I'm trying to learn Linux routing tables and ran into bit of snag. In the example below I'm not sure what is happening. My understanding is means that for line 1 and 2 any packets outside of its network look at the default gateway

Destination Gateway Genmask       Flags MSS Window  irtt    Iface  U   40  0          0    eth1  U   40  0          0    eth0     UG  40  0           0   eth1

So my question is this, which interface is closer to the Internet? Im not sure if packets immediate leave eth0 and eth1 sends packets to the gateway or if both eth0 and eth1 both route packets to for the Internet.


You don't get it completely right. The first two lines tell you that there is no »gateway« for reaching networks and, but they are reachable through the respective interfaces eth1 and eth0, respectively. So if you want to send a packet to, the packet is send out over eth1, a packet to over eth0.

To reach »the Internet«, the destination address won't be in the networks or so the last line would match ( and the kernel would know that it would have to send the packet to the given gateway ( A dependent routing decision would be made to decide how to reach this gateway and as mentioned earlier, this would be made possible by sending the packet out over interface eth1.


Economic routers, have 2 IP addresses

  1. LAN, 99% is and we can (should) change it.
  2. WAN. It is assigned automatically by ISP

The Gateway is the address to which packet are destinated, in each computer it is setted using DHCP (most times), if gateway is not setted computers in your LAN can communicate, but can't send packets outside.

Here you can find the answer well explained: https://stackoverflow.com/questions/8599424/understanding-routing-table-entry


in your routing table you computer know about 2 subnetwork.
rest traffic will be send to your gateway (

what does mean? if you send packet to addres from subnet 1, then your computer try send it via eth1.

Answer to your question is that eth1 is nearest "internet", because each ask to internet will go thru (gateway).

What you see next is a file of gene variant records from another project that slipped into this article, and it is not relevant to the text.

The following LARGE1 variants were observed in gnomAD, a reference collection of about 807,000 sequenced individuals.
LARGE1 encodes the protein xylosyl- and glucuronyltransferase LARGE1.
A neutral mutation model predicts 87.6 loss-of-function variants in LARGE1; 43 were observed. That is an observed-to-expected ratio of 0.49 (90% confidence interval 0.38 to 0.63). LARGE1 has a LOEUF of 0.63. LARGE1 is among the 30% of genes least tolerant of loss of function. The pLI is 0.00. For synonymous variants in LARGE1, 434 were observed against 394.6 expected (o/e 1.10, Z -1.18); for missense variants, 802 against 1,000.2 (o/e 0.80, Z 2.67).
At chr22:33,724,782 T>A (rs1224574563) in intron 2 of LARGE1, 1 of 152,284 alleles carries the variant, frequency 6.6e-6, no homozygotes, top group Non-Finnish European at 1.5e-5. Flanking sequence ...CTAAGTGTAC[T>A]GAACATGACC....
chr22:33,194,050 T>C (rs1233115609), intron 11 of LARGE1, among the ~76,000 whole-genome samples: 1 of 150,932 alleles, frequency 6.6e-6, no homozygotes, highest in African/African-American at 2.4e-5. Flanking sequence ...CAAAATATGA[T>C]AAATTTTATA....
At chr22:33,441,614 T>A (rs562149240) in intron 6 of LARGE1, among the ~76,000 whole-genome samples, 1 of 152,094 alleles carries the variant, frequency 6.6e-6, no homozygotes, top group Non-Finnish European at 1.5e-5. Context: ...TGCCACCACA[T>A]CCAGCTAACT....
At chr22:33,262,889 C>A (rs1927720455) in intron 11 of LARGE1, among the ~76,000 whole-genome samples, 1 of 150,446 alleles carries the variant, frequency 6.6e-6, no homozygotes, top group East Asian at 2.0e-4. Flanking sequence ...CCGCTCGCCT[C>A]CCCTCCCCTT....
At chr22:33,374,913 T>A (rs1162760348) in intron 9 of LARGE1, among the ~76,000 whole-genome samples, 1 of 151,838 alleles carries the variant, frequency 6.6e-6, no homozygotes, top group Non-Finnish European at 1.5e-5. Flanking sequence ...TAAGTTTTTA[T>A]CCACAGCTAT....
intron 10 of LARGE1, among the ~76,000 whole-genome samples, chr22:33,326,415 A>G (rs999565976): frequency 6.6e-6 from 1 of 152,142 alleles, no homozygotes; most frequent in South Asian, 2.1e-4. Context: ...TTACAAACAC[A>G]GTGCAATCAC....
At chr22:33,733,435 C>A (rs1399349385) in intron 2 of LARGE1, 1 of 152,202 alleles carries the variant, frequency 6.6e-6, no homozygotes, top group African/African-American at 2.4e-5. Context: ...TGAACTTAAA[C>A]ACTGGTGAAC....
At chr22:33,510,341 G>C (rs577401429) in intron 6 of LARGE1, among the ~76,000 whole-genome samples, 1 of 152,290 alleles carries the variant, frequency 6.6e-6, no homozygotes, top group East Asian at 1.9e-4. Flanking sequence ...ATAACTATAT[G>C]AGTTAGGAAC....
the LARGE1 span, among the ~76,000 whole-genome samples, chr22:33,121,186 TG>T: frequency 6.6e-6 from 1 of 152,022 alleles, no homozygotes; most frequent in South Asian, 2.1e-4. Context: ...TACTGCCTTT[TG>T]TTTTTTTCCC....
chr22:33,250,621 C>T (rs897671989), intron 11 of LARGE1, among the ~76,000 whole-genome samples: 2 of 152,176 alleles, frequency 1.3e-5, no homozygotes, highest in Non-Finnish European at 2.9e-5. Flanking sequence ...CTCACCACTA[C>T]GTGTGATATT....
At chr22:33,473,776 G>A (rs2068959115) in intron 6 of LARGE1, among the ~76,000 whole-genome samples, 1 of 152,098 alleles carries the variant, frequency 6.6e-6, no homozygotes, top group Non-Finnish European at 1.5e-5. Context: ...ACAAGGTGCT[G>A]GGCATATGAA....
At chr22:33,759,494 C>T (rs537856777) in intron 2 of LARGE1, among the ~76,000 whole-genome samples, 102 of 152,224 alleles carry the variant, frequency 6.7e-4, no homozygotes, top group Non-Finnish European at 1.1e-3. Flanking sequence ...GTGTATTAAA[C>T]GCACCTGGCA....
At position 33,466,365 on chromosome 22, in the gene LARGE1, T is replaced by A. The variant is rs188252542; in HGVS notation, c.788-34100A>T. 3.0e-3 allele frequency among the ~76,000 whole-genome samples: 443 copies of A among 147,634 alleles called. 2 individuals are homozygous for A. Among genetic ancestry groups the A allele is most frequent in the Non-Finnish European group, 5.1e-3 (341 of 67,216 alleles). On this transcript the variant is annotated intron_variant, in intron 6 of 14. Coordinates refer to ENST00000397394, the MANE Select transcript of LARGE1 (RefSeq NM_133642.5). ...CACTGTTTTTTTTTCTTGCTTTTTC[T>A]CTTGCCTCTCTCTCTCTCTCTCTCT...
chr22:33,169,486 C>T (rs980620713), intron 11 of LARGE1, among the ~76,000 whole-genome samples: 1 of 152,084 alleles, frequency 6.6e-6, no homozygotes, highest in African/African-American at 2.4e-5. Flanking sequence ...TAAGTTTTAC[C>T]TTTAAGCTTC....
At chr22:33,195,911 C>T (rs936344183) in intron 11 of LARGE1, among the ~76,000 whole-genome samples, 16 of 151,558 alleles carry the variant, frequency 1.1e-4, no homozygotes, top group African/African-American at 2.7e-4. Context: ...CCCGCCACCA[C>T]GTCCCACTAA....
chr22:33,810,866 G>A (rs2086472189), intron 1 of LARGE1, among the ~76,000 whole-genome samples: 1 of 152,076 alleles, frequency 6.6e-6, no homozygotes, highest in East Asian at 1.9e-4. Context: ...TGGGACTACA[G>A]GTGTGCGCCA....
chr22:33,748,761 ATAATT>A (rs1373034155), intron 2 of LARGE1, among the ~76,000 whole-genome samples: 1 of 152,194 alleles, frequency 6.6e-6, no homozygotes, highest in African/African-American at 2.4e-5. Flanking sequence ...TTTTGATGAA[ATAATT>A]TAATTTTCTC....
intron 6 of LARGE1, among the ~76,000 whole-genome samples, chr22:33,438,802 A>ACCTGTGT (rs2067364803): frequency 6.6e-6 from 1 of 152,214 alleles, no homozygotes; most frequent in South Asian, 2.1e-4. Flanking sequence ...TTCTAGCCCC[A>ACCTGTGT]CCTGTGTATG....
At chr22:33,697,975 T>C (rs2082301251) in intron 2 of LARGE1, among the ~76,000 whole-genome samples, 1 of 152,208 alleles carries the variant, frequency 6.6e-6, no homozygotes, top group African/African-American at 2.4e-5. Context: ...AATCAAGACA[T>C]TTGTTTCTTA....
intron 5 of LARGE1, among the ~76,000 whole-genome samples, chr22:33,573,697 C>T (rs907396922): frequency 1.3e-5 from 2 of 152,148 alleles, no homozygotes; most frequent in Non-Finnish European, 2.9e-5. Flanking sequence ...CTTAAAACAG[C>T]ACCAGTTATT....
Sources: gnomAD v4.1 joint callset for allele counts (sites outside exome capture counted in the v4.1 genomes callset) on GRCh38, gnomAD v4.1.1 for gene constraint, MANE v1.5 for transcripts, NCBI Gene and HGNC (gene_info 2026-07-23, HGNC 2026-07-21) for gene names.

So my question is this, which interface is closer to the Internet?

None of them - is not globally routable as of RFC 1918. However, the third entry says that is the default gateway (traffic to goes there except for destinations at and, which may have a route (using NAT) to the Internet. In this case eth1 is "closer" to the Internet (in a suitable sense).


When a packet is sent to the IP stack, the driver searches your routing table for the route that best matches the destination IP address. It does this by performing a binary and of the destination defined in each route and the destination defined in the packet. Whichever result most closely matches the destination defined in the packet is the route the driver uses. If there is a default gateway defined for that route then the packet is sent to the gateway. If there is no gateway defined for that route then it is assumed that the destination is on the local network and the packet is sent directly to the destination.

Thus, a packet with a destination address of will match the route and will leave on port eth0 as configured by the second route. A packet with a destination address of will leave on eth1 as configured by the first route. Any other destination address will only match the third route and will leave via eth1.

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